According to Netcraft, this is the first time that phishing gangs have used the infrastructure of one bank to attack the customers of another. Phishing emails were sent last Saturday targeting customers of Chase Manhattan Bank and eBay. These customers were directed to sites hosted on IP addresses assigned to the China Construction Bank (CCB) Shanghai Branch.
"The phishing pages are located in hidden directories with the server's main page displaying a configuration error. This is the first instance we have seen of one bank's infrastructure being used to attack another institution," said Rich Miller at Netcraft.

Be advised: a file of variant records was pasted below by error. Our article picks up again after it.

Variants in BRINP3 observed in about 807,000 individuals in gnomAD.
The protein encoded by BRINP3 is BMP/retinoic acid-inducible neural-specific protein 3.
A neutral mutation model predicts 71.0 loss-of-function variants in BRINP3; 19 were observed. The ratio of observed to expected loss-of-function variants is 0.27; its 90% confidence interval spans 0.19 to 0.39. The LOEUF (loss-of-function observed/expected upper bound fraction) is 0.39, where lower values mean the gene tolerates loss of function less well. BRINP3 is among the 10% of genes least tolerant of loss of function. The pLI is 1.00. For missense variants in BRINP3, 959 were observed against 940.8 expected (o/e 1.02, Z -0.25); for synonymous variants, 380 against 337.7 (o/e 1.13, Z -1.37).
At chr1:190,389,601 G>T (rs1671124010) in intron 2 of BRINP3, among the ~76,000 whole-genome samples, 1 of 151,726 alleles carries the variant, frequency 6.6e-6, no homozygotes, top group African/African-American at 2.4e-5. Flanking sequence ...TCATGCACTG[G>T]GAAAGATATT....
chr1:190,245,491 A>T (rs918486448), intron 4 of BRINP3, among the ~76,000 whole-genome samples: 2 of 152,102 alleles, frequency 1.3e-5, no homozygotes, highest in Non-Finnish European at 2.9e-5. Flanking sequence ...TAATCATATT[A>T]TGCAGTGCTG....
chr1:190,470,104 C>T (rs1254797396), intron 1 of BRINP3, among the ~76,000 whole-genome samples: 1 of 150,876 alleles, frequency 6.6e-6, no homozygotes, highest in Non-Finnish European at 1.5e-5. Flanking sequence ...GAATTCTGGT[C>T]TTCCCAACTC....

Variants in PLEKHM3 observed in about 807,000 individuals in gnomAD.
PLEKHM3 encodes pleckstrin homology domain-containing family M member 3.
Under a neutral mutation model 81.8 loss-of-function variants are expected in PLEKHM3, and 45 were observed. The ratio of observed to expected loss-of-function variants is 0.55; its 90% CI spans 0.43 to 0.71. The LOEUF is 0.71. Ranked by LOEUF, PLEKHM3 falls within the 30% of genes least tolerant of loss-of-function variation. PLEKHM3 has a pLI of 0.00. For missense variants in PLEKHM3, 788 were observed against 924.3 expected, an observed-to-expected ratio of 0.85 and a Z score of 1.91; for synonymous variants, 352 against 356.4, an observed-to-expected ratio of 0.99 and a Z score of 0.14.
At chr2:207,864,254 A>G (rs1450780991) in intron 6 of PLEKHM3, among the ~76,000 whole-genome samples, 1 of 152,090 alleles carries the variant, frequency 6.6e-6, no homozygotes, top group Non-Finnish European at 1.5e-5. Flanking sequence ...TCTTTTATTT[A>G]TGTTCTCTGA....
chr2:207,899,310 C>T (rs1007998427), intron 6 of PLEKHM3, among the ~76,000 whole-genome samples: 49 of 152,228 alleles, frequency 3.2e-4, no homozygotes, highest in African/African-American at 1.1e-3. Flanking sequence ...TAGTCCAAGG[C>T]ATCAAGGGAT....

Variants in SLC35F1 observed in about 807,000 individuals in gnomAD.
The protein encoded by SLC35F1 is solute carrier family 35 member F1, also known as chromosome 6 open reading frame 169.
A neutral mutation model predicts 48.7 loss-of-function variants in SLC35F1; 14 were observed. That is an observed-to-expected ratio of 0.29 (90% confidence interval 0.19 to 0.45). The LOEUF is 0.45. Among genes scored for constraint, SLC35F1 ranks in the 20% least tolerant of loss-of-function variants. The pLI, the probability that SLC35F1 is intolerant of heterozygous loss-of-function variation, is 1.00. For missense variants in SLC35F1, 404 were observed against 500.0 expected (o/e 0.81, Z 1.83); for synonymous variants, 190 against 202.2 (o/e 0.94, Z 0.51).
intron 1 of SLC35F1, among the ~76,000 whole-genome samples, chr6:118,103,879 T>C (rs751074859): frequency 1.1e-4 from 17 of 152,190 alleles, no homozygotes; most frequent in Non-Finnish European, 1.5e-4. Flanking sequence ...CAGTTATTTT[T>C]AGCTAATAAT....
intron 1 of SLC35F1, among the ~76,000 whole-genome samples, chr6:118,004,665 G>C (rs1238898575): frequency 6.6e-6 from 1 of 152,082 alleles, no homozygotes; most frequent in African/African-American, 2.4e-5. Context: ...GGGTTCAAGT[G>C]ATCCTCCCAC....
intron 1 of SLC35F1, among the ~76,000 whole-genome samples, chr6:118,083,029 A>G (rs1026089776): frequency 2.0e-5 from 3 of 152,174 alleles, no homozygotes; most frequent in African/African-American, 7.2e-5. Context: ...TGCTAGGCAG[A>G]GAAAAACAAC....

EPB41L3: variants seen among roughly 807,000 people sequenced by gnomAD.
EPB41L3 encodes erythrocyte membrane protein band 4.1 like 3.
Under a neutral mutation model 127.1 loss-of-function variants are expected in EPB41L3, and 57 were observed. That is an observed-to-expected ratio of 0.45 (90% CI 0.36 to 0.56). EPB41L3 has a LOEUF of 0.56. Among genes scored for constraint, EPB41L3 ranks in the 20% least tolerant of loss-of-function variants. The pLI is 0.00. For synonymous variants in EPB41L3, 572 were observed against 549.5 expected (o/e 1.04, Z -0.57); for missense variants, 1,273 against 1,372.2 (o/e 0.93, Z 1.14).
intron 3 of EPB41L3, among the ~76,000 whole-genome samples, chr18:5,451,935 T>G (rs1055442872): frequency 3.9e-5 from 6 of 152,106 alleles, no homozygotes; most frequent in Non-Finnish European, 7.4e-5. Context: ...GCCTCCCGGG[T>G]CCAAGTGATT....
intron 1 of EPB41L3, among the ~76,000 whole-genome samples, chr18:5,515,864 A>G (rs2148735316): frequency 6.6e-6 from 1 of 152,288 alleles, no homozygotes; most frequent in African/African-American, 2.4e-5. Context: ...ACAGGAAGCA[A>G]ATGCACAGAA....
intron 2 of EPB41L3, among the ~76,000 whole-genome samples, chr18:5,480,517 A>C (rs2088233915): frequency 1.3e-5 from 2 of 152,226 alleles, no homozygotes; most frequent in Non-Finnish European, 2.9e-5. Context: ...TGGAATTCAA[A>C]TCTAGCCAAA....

The attack on Chase customers offers recipients the chance to earn $20 by filling out a user survey which presents a series of questions about the usability of the Chase online banking site, followed by a request for user ID and password, so the $20 "reward" can be deposited to the proper account. The form also requests the victim's bankcard number, PIN number, card verification number, mother's maiden name and Social Security number. Any data submitted is then sent to a free form processing service on a server in India.
Experts said this type of attack could potentially herd us towards an era dominated by mutual suspicion.
"The bottom line is that people need to reassess their risk strategies and seriously take on board that the game has entered a new phase," said Phil Gould, U.K. country manager of web security company Deny All. "As the famous Chinese curse goes: may you live in interesting times."